Events & Adventures
New York City Audubon employs a talented group of professional and volunteer naturalists and photography educators. Whatever the program, you can be sure that your leader will be knowledgable and entertaining. Learn about our principal trip leaders, below.
Hailing from the borough of Queens, Andrew Baksh credits his growth as a naturalist to his early childhood experiences with nature and to the kindness of the photographers, naturalists, and birders he has had the pleasure of meeting on his journeys. An avid birder, Andrew lives by the mantra that life should be as simple as “Eat, bird and sleep… then do it all again (in any order)." Not a day goes by when Andrew is not in the field exploring old and new habitats and studying the species he encounters.
Andrew first worked with NYC Audubon as a volunteer, participating in many conservation efforts as well as serving as field assistant on many trips with NYC Audubon leaders like Joe Giunta and Don Riepe. Andrew spends a lot of his time birding at Jamaica Bay Wildlife Refuge, and has also taken part in many volunteer efforts there including beach cleanups, invasive plant removal, and NYC Audubon’s shorebird monitoring study. As a result of Andrew’s volunteer work with NYC Audubon, he was recognized by TogetherGreen, an alliance between Audubon and Toyota. (Click here to read his profile.)
Andrew now leads his own Saturday morning walks (excepting first Saturdays) on behalf of NYC Audubon at Van Cortlandt Park in the Bronx. He has built a loyal following and documents the Van Cortlandt Bird Walks as well as other nature adventures via his blog at www.birdingdude.blogspot.com.
Joe Giunta, a native New Yorker, has been birding the New York City region for over 20 years. A former math teacher and Program Chairman at Fort Hamilton High School, Joe is the birding instructor for the Brooklyn Botanic Garden. He has led bird walks for New York City Audubon, the Nature Conservancy, and Brooklyn Bird Club, and regularly gives lectures on birding and leads bird walks for the South Fork Natural History Society (SOFO). Joe is the Bluebird Trail coordinator for SOFO on the South Fork of Long Island, and a captain in the Brooklyn and South Nassau Christmas Counts. He has also participated in breeding bird surveys for New York State.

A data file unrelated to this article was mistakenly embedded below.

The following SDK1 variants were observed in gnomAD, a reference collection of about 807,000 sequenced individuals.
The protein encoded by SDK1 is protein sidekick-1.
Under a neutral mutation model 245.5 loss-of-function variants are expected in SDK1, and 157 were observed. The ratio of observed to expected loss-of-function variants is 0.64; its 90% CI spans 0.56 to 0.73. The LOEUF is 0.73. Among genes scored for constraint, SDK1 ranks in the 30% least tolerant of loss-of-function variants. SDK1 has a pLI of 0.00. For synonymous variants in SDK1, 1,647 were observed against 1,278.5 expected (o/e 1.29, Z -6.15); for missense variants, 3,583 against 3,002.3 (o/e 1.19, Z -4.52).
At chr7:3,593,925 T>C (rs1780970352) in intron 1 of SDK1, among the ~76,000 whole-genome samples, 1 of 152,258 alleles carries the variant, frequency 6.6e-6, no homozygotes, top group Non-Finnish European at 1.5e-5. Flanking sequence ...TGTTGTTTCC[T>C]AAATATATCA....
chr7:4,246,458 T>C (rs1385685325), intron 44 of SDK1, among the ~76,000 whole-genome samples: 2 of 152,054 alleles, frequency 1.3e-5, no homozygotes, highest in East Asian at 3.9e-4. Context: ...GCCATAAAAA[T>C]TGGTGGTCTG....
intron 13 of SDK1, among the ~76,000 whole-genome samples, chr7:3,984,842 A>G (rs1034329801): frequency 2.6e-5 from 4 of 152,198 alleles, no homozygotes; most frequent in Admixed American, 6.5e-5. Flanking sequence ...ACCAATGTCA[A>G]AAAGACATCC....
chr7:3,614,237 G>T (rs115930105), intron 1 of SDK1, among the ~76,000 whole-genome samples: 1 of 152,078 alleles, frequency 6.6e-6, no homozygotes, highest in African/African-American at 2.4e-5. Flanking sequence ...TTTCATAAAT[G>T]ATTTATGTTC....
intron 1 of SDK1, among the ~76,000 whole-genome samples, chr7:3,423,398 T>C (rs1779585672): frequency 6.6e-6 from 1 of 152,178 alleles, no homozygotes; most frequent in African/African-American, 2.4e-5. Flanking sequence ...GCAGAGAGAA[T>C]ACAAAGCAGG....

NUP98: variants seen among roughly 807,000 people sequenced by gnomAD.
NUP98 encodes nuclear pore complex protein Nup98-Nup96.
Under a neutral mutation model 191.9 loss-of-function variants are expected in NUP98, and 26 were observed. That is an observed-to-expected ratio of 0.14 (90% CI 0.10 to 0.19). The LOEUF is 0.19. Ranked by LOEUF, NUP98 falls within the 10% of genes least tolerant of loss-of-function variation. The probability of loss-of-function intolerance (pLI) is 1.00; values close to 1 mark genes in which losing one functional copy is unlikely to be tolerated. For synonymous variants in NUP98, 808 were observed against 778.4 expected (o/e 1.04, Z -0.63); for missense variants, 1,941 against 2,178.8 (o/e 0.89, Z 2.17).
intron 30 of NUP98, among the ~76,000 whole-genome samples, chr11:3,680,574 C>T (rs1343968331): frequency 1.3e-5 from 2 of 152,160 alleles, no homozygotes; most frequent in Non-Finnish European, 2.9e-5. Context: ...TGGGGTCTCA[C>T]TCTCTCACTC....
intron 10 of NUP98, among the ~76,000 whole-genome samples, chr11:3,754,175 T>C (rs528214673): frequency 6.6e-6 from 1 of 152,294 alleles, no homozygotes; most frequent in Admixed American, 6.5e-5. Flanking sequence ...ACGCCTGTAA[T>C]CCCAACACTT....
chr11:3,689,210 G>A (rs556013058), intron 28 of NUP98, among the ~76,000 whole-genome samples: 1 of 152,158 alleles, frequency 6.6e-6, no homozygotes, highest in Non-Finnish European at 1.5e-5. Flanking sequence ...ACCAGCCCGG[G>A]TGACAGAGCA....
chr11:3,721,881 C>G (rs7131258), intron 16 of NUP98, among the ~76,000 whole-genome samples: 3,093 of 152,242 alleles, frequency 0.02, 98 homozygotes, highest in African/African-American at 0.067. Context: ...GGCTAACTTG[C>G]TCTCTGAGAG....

In addition to his popular spring and fall series of morning migration walks in Central Park, Joe leads many birding trips for NYC Audubon to popular birding destinations in the New York City area and beyond, and also teaches classes on bird song and identification. An enthusiastic traveler, Joe has birded extensively in Central and South America. Joe is the owner of Happy Warblers LLC, a birding and educational travel company.
Peter Rhoades Mott, past president of NYC Audubon, has been a volunteer for the organization since he moved to New York City in 1984. In previous years, he served as president of the Florida Audubon Society and also conducted field research for Massachusetts Audubon, focusing on problems created by herring gulls and other birds at Logan Airport. Professionally, Peter worked at Phillips Academy, Middlesex School, Moses Brown School, and Saint Luke’s School as a biology teacher and school head before moving to New York City. From that time till his retirement in 2007, Peter taught at the Ethical Culture Fieldston School, where he initiated the Annual Founders’ Day walk in Central Park for Fieldston students and faculty. He also developed records for spring and fall migration at the school’s Riverdale campus.
Mr. Mott grew up with “bird hikes” in central New Jersey and continued his passion for birding with organized trips to special sites in Florida as well as to spectacular locations in France, Kenya, and Nebraska. He now leads several walks each year to favorite birding spots in New York City, where his many years of teaching are apparent as he engages birders with his deep knowledge of our birds and their environment.